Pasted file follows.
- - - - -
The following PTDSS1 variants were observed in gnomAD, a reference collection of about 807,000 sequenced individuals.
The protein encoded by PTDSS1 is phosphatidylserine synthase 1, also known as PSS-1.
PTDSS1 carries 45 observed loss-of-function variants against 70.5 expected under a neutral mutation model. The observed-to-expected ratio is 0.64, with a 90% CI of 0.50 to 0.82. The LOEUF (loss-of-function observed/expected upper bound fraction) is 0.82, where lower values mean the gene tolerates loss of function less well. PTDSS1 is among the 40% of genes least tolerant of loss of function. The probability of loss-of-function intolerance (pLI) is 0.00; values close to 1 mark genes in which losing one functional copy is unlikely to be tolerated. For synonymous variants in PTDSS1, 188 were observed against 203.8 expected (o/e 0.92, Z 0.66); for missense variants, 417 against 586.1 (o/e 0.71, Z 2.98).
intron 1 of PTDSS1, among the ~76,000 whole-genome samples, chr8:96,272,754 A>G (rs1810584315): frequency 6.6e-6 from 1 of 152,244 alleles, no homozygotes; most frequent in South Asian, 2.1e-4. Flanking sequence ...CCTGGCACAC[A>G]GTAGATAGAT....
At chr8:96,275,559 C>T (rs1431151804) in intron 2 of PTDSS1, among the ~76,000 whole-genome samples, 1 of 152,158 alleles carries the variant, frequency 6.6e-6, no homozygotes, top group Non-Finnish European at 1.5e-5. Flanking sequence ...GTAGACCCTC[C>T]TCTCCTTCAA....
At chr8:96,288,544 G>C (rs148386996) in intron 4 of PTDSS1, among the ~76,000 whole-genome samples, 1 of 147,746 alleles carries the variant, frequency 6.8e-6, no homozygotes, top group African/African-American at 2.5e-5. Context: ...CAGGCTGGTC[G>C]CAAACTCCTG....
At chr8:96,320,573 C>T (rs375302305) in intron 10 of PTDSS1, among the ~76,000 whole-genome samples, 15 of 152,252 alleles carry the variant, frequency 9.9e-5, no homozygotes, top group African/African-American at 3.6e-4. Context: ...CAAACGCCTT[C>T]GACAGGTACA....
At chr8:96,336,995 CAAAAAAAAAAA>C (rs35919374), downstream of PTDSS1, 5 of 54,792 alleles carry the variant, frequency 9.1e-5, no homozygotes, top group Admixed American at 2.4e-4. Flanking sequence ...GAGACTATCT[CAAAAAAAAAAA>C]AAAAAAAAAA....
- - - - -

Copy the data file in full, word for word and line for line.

The following PTDSS1 variants were observed in gnomAD, a reference collection of about 807,000 sequenced individuals.
The protein encoded by PTDSS1 is phosphatidylserine synthase 1, also known as PSS-1.
PTDSS1 carries 45 observed loss-of-function variants against 70.5 expected under a neutral mutation model. The observed-to-expected ratio is 0.64, with a 90% CI of 0.50 to 0.82. The LOEUF (loss-of-function observed/expected upper bound fraction) is 0.82, where lower values mean the gene tolerates loss of function less well. PTDSS1 is among the 40% of genes least tolerant of loss of function. The probability of loss-of-function intolerance (pLI) is 0.00; values close to 1 mark genes in which losing one functional copy is unlikely to be tolerated. For synonymous variants in PTDSS1, 188 were observed against 203.8 expected (o/e 0.92, Z 0.66); for missense variants, 417 against 586.1 (o/e 0.71, Z 2.98).
intron 1 of PTDSS1, among the ~76,000 whole-genome samples, chr8:96,272,754 A>G (rs1810584315): frequency 6.6e-6 from 1 of 152,244 alleles, no homozygotes; most frequent in South Asian, 2.1e-4. Flanking sequence ...CCTGGCACAC[A>G]GTAGATAGAT....
At chr8:96,275,559 C>T (rs1431151804) in intron 2 of PTDSS1, among the ~76,000 whole-genome samples, 1 of 152,158 alleles carries the variant, frequency 6.6e-6, no homozygotes, top group Non-Finnish European at 1.5e-5. Flanking sequence ...GTAGACCCTC[C>T]TCTCCTTCAA....
At chr8:96,288,544 G>C (rs148386996) in intron 4 of PTDSS1, among the ~76,000 whole-genome samples, 1 of 147,746 alleles carries the variant, frequency 6.8e-6, no homozygotes, top group African/African-American at 2.5e-5. Context: ...CAGGCTGGTC[G>C]CAAACTCCTG....
At chr8:96,320,573 C>T (rs375302305) in intron 10 of PTDSS1, among the ~76,000 whole-genome samples, 15 of 152,252 alleles carry the variant, frequency 9.9e-5, no homozygotes, top group African/African-American at 3.6e-4. Context: ...CAAACGCCTT[C>T]GACAGGTACA....
At chr8:96,336,995 CAAAAAAAAAAA>C (rs35919374), downstream of PTDSS1, 5 of 54,792 alleles carry the variant, frequency 9.1e-5, no homozygotes, top group Admixed American at 2.4e-4. Flanking sequence ...GAGACTATCT[CAAAAAAAAAAA>C]AAAAAAAAAA....